These first-order estimates still give us the sense that the Muses Sea regolith was not a fluffy, powdery pond in which the tip of the horn would have been embedded but, rather, that the spacecraft would bounce during the touchdown. This insight is important for engineering design constraints of both future sample-return missions and microgravity rovers on asteroids of sizes similar to Itokawa's. It also tells us that a major portion of samples returned to ground laboratories will most likely be coarse-grained regolith and their fragments rather than powdery, submillimeter particles.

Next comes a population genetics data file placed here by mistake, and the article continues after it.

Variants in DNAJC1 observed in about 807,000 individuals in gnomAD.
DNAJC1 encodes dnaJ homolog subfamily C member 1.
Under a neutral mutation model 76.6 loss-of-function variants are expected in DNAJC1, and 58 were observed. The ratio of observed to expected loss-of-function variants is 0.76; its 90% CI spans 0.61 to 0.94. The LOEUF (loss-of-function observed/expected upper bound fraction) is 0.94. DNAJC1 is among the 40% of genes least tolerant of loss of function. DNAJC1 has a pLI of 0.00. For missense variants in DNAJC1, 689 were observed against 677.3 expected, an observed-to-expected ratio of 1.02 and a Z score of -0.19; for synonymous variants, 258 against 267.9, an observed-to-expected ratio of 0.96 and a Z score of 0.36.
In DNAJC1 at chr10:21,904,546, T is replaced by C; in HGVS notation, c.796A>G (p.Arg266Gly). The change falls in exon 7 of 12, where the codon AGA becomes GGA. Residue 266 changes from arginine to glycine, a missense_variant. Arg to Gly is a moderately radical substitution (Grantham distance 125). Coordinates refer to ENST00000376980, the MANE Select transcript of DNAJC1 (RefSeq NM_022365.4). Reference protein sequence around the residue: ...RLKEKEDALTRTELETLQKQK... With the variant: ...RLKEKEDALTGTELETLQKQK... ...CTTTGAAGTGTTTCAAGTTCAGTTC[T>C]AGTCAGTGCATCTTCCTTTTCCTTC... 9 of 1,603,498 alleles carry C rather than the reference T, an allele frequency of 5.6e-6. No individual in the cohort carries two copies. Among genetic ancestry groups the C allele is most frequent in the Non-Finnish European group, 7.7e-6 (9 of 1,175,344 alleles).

A temperature profile from the XRS thermal radiator was also monitored during the TD1 phase (Fig. 4) (26, 27). Its temperature increased by thermal emission from the asteroid surface as the spacecraft descended, but it stopped increasing at 28 ± 2 m altitude above the Muses Sea, when the spacecraft hovered as a result of autonomous obstacle detection and avoidance maneuvers. About 20:53 to ∼20:57 UTC [Fig. 4, part (1)], the radiator temperature almost reached thermal equilibrium, so that the emission temperature from the Muses Sea area below the spacecraft was estimated at 310 ± 10 K, which was equivalent to +23°C in direct reading (Fig. 4) before the correction with ground calibration data (26, 27). At a solar distance of ∼1 astronomical unit during the rendezvous with Itokawa, this result favors brecciated rocks and/or a coarse-grain–filled surface with a thermal inertia (Γ = 102 to ∼103 Jm–2s–0.5K–1) between that of monolithic rocks (e.g., Γ = 4000 Jm–2s–0.5K–1, in which case the surface temperature is expected to be 280 K) and powdery surface like lunar regolith (e.g., Γ = 40 Jm–2s–0.5K–1, the corresponding surface temperature for which is 370 K). This is also supported by the ground-based infrared spectrophotometry of Itokawa [Γ = 750 Jm–2s–0.5K–1 (28)]. This view is consistent with the regolith field images of the Muses Sea. Other possible explanations for the low temperature of the Muses Sea regolith are that the TD1 site might be located at a higher latitude than estimated or that the Muses Sea area had not yet reached the maximum temperature, even at high noon, during TD1 because the area was so concave that duration of daytime was much shorter than in other areas, such as the head and body parts.